flavonoid

noun
fla·​vo·​noid | \ ˈflā-və-ˌnȯid How to pronounce flavonoid (audio) \

Definition of flavonoid

: any of a large group of typically biologically active water-soluble plant compounds (such as the anthocyanins and flavones) that include pigments ranging in color from yellow to red to blue and occur especially in fruits, vegetables, and herbs (such as grapes, citrus fruits, peppers, and dill) Flavonoids are effective scavengers of free radicals in the test tube (in vitro). However, even with very high flavonoid intakes, plasma and intracellular flavonoid concentrations in humans are likely to be 100 to 1000 times lower than concentrations of other antioxidants …— Jane Higdon The rich palette of dyes in butterflies' wings are all derived from chemicals called flavonoids, which the insects cannot make themselves and must sequester from their food plants.— Nicholas Wade — see bioflavonoid

Examples of flavonoid in a Sentence

Recent Examples on the Web Raw apples contain a flavonoid called quercetin, which boosts immune system function. Angela Watson, chicagotribune.com, 27 Mar. 2021 Unprocessed cocoa powder contains high levels of flavanol, a common type of flavonoid. Angela Watson, chicagotribune.com, 22 Mar. 2021 Cherries, in particular, are among the top picks due to their ample anthocyanins (a flavonoid that lends a red or purple tint to plant foods) and other antioxidants that may improve blood flow and potentially reduce pain, Auslander Moreno adds. Karla Walsh, Better Homes & Gardens, 15 June 2020 Eating foods high in flavonoids — a group of nutrients found in many fruits and vegetables — may lower your risk for dementia, researchers report. Nicholas Bakalar, New York Times, 19 May 2020 Tea contains large quantities of flavonoids, plant pigments that have been shown in animal and human studies to moderate oxidative and inflammatory stress and improve the function of blood vessels. Nicholas Bakalar, New York Times, 2 Apr. 2020 Honey also contains trace amounts of vitamins, minerals, and flavonoids, and is known for its antimicrobial and antibacterial benefits. Stefani Sassos, Ms, Rdn, Cso, Good Housekeeping, 19 Mar. 2020 The biochemical composition of flavonols (part of a larger antioxidant class known as flavonoids) appears to enable them to quell inflammation and to scavenge free radicals in the blood and the gut to help prevent cellular damage. Gary Stix, Scientific American, 30 Jan. 2020 In population studies, people who frequently drink unsweetened green tea are less likely to develop cardiovascular disease later in life; this 2013 review published in the American Journal of Clinical Nutrition tied the benefit to tea's flavonoids. Zee Krstic, Good Housekeeping, 6 Jan. 2020 See More

These example sentences are selected automatically from various online news sources to reflect current usage of the word 'flavonoid.' Views expressed in the examples do not represent the opinion of Merriam-Webster or its editors. Send us feedback.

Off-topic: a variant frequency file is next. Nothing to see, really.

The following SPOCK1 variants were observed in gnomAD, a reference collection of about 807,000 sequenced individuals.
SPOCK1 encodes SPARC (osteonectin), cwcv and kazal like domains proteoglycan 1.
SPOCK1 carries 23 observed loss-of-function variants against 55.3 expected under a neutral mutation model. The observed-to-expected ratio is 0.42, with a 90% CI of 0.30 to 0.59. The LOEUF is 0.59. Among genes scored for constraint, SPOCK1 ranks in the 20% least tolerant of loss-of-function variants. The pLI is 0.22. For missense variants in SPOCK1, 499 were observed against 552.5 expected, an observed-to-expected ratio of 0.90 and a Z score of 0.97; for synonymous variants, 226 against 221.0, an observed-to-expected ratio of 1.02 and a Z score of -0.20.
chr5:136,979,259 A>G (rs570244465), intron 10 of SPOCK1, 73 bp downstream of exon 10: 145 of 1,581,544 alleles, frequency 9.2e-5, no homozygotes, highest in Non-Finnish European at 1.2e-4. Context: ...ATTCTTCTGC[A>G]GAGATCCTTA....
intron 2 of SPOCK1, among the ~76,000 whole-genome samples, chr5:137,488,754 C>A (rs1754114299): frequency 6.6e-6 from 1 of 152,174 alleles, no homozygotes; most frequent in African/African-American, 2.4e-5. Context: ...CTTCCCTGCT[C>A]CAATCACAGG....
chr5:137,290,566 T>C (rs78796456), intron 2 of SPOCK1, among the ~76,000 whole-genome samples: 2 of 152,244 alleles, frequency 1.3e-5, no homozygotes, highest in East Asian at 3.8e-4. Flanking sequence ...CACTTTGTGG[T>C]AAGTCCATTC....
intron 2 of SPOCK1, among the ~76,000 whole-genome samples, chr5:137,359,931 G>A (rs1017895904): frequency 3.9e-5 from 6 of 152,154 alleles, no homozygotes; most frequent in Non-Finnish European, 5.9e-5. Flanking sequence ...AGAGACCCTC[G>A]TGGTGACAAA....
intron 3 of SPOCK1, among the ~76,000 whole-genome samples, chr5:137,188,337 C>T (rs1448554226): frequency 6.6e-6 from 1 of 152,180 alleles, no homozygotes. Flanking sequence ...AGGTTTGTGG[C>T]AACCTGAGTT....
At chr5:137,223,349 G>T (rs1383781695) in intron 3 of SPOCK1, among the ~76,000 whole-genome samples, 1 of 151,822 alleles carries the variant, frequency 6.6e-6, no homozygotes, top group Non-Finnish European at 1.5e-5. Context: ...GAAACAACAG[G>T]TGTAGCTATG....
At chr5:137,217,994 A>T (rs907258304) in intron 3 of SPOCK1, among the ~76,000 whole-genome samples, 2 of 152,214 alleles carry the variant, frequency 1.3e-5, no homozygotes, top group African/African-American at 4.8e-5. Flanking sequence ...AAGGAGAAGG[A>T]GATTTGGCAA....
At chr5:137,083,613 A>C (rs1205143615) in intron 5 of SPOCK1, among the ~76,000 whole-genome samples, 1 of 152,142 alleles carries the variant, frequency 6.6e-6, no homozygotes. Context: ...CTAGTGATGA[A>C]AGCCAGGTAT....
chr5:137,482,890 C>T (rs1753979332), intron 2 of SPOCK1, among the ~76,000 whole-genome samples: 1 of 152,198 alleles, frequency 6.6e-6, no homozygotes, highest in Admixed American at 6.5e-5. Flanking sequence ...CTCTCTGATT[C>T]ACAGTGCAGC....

First Known Use of flavonoid

1947, in the meaning defined above

History and Etymology for flavonoid

flavone + -oid

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Time Traveler for flavonoid

Time Traveler

The first known use of flavonoid was in 1947

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Dictionary Entries Near flavonoid

flavone

flavonoid

flavonol

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Cite this Entry

“Flavonoid.” Merriam-Webster.com Dictionary, Merriam-Webster, https://www.merriam-webster.com/dictionary/flavonoid. Accessed 25 May. 2022.

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More Definitions for flavonoid

flavonoid

adjective
fla·​vo·​noid | \ ˈflāv-ə-ˌnȯid How to pronounce flavonoid (audio) , ˈflav- How to pronounce flavonoid (audio) \

Medical Definition of flavonoid

 (Entry 1 of 2)

: of, relating to, or being a flavonoid

flavonoid

noun

Medical Definition of flavonoid (Entry 2 of 2)

: any of a large group of typically biologically active, water-soluble, plant compounds (such as the flavones) that include pigments ranging in color from yellow to red to blue and occur especially in fruits, vegetables, and herbs (such as grapes, citrus fruits, peppers, and dill) Tea contains substances called catechins (tea flavonoids) that may protect against heart disease and even cancer.UC Berkeley Wellness Newsletter Flavonoids are effective scavengers of free radicals in the test tube (in vitro). However, even with very high flavonoid intakes, plasma and intracellular flavonoid concentrations in humans are likely to be 100 to 1000 times lower than concentrations of other antioxidants …— Jane Higdon, An Evidence-Based Approach to Dietary Phytochemicals

Note: Flavonoids are polyphenolic 15-carbon compounds with a basic structure consisting of two benzene rings joined by a chain of 3 carbons.

— see bioflavonoid

More from Merriam-Webster on flavonoid

Britannica.com: Encyclopedia article about flavonoid

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